Credit: Netflix

Highly-skewed income disparity. Worsening household debt. Survival of the fittest amid fierce competition.

South Korean thriller Squid Game, now the No. 1 title on the global Netflix chart and dominating the buzz on social media, is actually deemed as a “great metaphor” for the East Asian country and exposes many harsh realities faced by its people.

As one netizen wrote: “I’ve been playing the Squid Game for 30 years.”

The nine-part drama tells the story of how 456 people play a series of childhood games – such as marbles and tug-of-war – with deadly twists in order to win a cash prize of 45.6 billion won (S$52 million).

The main protagonist, Gi-hun, is a down-and-out man struggling with his life. After losing his job in a car manufacturing company – a stark reminder of how Ssangyong Motor laid off over 2,600 workers in 2009 – he decided to open his own fried chicken shop, but chalked up over 400 million won in debt.

He joins the Squid Game to win money to pay for his diabetic mother’s surgery and get custody of his daughter from his ex-wife.

The drama’s writer and director, Mr Hwang Dong-hyuk, said anyone in a capitalist society can fall to the bottom like Gi-hun. “Covid-19 has driven flocks of people to self-employment. I wanted to capture that in the show’s characters,” said Mr Hwang.

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Home to mega conglomerates such as Samsung, SK and Hyundai, South Korea became the world’s 10th largest economy last year, boosted by growing exports of memory chips, smartphones, and consumer electronics fuelled by the pandemic.

But many people are suffering due to sky-rocketing property prices, surging household debt, widening income gap and high youth unemployment, all exacerbated by the pandemic.

Household debt grew to a record high of 1,805 trillion won in June, almost double the figure 10 years ago. This is attributed to growing demand for home loans as people rushed to buy new houses out of fear that property prices will spike further despite several rounds of cooling measures.

The gap between the rich and the poor has also widened. Official data show that the net worth of the top 20 per cent of income earners was 166 times more than the bottom 20 per cent last year – up from 105 times in 2018.

The country’s Gini coefficient, a measurement of income inequality on a scale of zero to 1, was at a seven-year high of 0.602 last year. A figure closer to zero would mean equally distributed income.

Squid Game tells the story of how 456 people play a series of childhood games with deadly twists in order to win a cash prize of 45.6 billion won (S$52 million). PHOTO: NETFLIX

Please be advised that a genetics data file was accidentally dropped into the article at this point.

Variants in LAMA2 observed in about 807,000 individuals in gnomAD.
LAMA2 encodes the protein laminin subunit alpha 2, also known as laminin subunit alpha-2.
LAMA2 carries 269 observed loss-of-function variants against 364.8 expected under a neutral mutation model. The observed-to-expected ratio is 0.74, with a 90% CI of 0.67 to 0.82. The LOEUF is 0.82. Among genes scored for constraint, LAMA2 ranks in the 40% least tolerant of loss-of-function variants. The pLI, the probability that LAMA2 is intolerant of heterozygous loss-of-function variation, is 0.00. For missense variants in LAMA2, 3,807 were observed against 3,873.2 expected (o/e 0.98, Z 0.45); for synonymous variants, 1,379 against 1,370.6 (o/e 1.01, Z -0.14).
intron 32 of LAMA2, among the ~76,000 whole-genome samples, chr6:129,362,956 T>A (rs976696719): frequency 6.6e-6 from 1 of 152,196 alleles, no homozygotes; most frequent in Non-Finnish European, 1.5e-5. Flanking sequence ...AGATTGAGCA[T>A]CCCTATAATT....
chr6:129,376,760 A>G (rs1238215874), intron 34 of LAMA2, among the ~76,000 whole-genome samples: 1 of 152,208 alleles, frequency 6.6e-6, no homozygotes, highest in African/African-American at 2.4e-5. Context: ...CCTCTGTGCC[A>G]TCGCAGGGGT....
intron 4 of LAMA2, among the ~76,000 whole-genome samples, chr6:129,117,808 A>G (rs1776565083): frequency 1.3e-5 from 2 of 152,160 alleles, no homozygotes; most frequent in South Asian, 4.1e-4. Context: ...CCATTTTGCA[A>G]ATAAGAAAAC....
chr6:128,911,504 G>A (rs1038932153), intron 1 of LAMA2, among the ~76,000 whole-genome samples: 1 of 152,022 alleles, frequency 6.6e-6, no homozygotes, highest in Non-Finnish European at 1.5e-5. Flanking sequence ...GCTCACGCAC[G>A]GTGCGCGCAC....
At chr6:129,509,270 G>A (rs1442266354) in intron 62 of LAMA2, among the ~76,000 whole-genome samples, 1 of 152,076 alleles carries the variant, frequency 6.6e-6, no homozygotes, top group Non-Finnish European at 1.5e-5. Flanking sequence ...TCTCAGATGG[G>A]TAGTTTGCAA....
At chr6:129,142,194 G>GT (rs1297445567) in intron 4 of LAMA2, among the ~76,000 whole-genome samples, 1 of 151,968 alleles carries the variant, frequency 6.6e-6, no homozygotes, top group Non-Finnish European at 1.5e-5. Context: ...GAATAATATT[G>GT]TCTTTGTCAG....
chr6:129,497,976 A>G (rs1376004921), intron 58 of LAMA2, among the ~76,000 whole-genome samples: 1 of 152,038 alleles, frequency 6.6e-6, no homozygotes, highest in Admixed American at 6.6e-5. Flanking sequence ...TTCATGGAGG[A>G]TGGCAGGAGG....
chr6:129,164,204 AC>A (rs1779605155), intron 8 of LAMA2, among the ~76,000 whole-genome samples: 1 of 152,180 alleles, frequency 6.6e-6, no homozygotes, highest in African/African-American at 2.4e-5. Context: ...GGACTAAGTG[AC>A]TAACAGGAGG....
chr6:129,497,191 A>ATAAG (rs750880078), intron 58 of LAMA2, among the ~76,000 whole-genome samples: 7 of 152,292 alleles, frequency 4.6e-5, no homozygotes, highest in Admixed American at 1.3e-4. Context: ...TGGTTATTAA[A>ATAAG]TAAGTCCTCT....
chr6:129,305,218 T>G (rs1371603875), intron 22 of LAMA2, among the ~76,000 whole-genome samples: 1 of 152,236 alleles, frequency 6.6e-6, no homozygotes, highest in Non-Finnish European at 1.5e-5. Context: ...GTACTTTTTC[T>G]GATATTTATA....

While the ultra-rich saw their wealth grow as their family-owned conglomerates thrived despite Covid-19, small business owners, such as those running restaurants and convenience stores, were badly hit by the pandemic that kept people at home.

Many self-employed people, who account for 24.6 per cent of all income earners in South Korea, say their predicament is no different from that of Gi-hun.

In an Internet forum for the self-employed, a user wrote that he felt like he was living the game, except “there will be no prize money even if I win”.

A restaurant owner revealed: “Many people, including me, are struggling with debt of more than 200 million (won), just like in the drama.”

Culture critic Jung Duk-hyun told Korea Herald newspaper that Squid Game is a “great metaphor for Korea’s highly competitive society” and “provides a sharp insight to our harsh reality”.

Psychiatrist Lee Il-joon said the drama explores whether people are given equal opportunity in a fiercely competitive society, and if they can achieve results based on their own abilities without sacrificing other people or cheating.

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“We learn about fairness and equal opportunity in textbooks, but in reality, effort does not always produce results,” he told news portal Newsis.

Squid Game, a Netflix original series, premiered on Sept 17 and rose quickly to become the streaming site’s best-performing non-English title. It is ranked No. 1 in territories that include the United States, Singapore, Hong Kong, and of course South Korea.

Adults playing games that they had enjoyed as kids – but now with deadly consequences – made an interesting storyline, said freelancer Choi Han-na, 26.

“We competed in the games equally when we were young, but now that we are adults, we are all living unequal lives in different environments. So I think those who are tired of this inequality may be more enthusiastic about the show,” she told The Sunday Times.

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Ms Lee So-ra, 27, who works in a university, said: “There is violence and the show reflected how money dominates human society. But I didn’t feel depressed as I was focused on the progress of the games.”

This article was first published in The Straits Times.